Advantageously, the principles of the present invention provide techniques for generating stable-delay rising and/or falling signal edges, such as for utilization in delay circuitry and the like. In one particular embodiment, a circuit for generating sable-delay signal edges includes an output driver circuit having a current path for varying a charge on a capacitor in response to an input signal and constant current generation circuitry for maintaining a constant current through the current path of the output driver circuit and varying the charge on the capacitor to produce an output signal with a stable-delay edge.
The present inventive principles are particularly useful in a wide range of circuits and systems, which require the generation of output signal edges which are stable with respect to variations in fabrication process, temperature, and/or supply voltage. Exemplary applications include the delay circuits used in high speed switched-capacitor circuits to generate the timing signals which transfer charge between nodes.
For a more complete understanding of the present invention, and the advantages thereof, reference is now made to the following descriptions taken in conjunction with the accompanying drawings, in which:
The principles of the present invention and their advantages are best understood by referring to the illustrated embodiment depicted in
After conversion by DAC subsystem 102, the analog audio signals undergo further processing, such as analog filtering, within analog audio processing block 103. The resulting processed audio signals are amplified by audio amplification block 104, which ultimately drives a set of speakers, such as speakers 105 a and 105 b, which are shown for illustration.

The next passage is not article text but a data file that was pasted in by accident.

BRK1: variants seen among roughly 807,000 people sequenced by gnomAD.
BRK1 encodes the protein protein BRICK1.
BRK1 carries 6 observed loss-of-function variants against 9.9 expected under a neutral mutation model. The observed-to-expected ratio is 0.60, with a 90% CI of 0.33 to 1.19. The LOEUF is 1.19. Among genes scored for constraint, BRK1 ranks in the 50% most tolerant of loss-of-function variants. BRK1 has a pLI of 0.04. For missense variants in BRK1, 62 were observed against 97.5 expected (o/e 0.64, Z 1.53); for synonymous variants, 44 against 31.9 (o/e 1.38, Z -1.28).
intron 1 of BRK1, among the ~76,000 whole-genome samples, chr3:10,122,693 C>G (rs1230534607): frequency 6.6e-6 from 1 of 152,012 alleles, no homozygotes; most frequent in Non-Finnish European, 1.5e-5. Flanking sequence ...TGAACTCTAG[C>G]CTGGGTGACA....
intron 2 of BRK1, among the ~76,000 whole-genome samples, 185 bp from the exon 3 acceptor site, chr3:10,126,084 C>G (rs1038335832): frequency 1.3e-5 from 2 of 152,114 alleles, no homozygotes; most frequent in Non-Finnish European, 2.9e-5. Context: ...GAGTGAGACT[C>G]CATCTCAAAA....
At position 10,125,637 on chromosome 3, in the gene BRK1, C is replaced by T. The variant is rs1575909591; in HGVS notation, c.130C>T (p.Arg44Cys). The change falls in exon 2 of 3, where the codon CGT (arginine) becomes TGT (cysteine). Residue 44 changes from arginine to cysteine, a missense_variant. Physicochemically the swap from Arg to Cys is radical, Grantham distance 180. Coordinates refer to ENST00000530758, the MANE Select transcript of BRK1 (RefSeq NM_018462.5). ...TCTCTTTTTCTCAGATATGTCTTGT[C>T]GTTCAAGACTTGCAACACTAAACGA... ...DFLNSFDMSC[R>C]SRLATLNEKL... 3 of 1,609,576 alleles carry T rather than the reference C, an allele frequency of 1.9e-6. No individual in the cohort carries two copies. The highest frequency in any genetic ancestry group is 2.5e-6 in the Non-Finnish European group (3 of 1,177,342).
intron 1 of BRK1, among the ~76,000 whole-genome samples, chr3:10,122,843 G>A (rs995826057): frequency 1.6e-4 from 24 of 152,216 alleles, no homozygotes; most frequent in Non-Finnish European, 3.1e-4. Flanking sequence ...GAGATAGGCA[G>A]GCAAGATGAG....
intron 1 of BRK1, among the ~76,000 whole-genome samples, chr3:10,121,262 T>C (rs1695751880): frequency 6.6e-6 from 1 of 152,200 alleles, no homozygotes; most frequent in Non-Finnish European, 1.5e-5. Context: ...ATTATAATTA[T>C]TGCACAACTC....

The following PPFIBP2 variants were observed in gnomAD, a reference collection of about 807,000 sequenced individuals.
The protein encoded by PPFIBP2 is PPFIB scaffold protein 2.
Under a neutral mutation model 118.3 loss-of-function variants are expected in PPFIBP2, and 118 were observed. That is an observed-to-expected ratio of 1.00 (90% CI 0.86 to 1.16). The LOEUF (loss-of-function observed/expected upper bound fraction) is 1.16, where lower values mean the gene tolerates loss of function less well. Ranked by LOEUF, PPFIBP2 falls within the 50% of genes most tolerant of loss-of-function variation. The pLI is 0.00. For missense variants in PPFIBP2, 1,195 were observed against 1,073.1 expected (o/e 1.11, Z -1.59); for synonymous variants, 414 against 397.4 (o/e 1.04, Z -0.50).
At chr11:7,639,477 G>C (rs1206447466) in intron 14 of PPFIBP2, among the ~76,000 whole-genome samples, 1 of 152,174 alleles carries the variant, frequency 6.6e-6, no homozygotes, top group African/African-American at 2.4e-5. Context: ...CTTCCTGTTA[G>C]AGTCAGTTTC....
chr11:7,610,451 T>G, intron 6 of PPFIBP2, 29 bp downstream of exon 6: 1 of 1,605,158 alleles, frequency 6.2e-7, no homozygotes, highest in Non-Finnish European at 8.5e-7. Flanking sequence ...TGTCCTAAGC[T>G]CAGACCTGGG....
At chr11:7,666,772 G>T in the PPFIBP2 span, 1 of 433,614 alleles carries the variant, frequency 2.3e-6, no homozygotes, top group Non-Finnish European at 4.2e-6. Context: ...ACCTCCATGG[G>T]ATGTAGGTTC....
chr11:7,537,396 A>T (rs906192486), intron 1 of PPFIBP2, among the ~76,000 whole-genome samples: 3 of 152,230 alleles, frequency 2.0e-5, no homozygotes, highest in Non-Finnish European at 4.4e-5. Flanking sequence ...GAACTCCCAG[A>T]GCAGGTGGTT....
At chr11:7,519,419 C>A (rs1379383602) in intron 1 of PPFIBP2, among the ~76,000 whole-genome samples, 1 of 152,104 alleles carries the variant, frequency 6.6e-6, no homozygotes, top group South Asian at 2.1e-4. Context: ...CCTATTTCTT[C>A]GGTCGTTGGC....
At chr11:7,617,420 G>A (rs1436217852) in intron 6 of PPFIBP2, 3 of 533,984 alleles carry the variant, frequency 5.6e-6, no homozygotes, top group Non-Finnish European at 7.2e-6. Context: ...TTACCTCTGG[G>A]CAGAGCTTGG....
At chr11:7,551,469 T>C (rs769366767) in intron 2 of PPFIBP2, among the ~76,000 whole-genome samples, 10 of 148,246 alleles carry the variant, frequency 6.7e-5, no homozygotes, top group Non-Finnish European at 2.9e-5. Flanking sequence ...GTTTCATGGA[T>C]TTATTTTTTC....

Each data path 201 a–201 b includes a digital interpolation filter 202, a delta-sigma modulator 203, and a switched-capacitor DAC and filter 204. Serial interface circuitry 205 includes terminals or pins for receiving three stereo digital input data streams
As shown in the timing diagram of
During phase Ψ1, switch 301 closes and couples the top plates of sampling capacitors (Ci) 302 a– 302 d together. Then, as an example, during the rough sub-phase Ψ1dR, switches 303 a– 303 b and 305 a– 305 b close to initiate the charging of sampling capacitors 302 a and 302 c from unfiltered reference voltage
Switches 307 a and 307 b close during phase Ψ2 and during the subsequent delay phase Ψ2d, the charges on sampling capacitors 302 a– 302 b and 302 c– 302 d transfer to the inverting and non-inverting inputs of operational amplifier 308 and integration capacitors (Ci) 309 a and 309 b. Operational amplifier 308 generates the differential outputs VOUT+ and VOUT−.
Delay circuit 400 includes a first delay stage 401 based on a constant current source 402. Constant current source 402, which is preferably of a temperature and voltage invariant design, provides a constant base current to an n-type metal oxide semiconductor (NMOS) mirror transistor 403, which mirrors a multiple of the constant base current through the source-drain current paths of NMOS transistors 404 and 405.